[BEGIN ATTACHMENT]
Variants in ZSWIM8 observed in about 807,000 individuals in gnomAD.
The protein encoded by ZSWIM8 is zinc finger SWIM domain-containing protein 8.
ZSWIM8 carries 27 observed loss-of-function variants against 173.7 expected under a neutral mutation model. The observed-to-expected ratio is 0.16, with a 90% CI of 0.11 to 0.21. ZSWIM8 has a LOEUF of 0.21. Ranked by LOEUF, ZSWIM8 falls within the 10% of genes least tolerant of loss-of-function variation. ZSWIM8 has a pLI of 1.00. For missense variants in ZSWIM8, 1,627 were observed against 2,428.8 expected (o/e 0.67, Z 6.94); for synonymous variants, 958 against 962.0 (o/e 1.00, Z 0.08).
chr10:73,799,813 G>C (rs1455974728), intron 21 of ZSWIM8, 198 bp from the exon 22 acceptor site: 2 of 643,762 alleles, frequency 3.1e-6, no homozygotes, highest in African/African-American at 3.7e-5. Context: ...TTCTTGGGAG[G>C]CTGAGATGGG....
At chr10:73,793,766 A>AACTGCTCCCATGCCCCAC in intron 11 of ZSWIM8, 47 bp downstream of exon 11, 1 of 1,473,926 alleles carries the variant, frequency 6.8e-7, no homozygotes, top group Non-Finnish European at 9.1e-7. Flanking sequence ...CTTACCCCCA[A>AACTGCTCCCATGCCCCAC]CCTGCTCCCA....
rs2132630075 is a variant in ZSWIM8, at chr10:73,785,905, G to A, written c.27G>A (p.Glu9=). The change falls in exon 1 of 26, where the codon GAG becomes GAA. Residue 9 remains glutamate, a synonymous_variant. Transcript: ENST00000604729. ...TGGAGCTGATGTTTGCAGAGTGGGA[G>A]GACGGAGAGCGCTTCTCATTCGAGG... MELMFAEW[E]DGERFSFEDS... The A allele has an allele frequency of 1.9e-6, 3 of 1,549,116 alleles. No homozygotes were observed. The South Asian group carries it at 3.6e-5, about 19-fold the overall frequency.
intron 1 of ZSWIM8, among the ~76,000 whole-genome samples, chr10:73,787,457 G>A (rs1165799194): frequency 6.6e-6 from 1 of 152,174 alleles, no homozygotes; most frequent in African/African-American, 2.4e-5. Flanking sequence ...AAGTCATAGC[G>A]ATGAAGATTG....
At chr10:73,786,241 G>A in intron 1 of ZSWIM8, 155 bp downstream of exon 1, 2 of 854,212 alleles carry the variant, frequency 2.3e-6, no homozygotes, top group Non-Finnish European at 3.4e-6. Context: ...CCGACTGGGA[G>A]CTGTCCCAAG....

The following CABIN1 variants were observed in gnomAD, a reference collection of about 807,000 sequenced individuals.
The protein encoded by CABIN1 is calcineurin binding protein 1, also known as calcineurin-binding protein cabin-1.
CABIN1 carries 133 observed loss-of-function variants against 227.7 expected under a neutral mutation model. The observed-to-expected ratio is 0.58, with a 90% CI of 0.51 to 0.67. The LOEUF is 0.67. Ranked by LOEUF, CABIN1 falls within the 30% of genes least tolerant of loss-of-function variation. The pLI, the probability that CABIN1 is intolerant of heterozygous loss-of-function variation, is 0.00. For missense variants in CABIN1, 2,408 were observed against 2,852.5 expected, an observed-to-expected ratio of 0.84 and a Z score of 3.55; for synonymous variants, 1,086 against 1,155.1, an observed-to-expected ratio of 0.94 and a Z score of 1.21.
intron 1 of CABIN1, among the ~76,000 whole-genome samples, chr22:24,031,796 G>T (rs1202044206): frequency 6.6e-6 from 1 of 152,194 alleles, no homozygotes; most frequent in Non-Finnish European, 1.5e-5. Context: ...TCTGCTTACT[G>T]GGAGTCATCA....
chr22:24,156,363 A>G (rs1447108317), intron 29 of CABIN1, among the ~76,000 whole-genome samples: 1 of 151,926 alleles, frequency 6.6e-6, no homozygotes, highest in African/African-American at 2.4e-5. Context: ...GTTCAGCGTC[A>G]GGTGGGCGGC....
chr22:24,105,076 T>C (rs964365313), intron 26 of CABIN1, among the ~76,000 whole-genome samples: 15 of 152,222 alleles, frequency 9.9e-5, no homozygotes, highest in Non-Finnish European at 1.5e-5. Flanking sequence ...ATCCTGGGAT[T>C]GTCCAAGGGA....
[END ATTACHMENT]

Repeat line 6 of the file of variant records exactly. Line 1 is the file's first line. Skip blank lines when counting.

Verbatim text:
rs2132630075 is a variant in ZSWIM8, at chr10:73,785,905, G to A, written c.27G>A (p.Glu9=). The change falls in exon 1 of 26, where the codon GAG becomes GAA. Residue 9 remains glutamate, a synonymous_variant. Transcript: ENST00000604729. ...TGGAGCTGATGTTTGCAGAGTGGGA[G>A]GACGGAGAGCGCTTCTCATTCGAGG... MELMFAEW[E]DGERFSFEDS... The A allele has an allele frequency of 1.9e-6, 3 of 1,549,116 alleles. No homozygotes were observed. The South Asian group carries it at 3.6e-5, about 19-fold the overall frequency.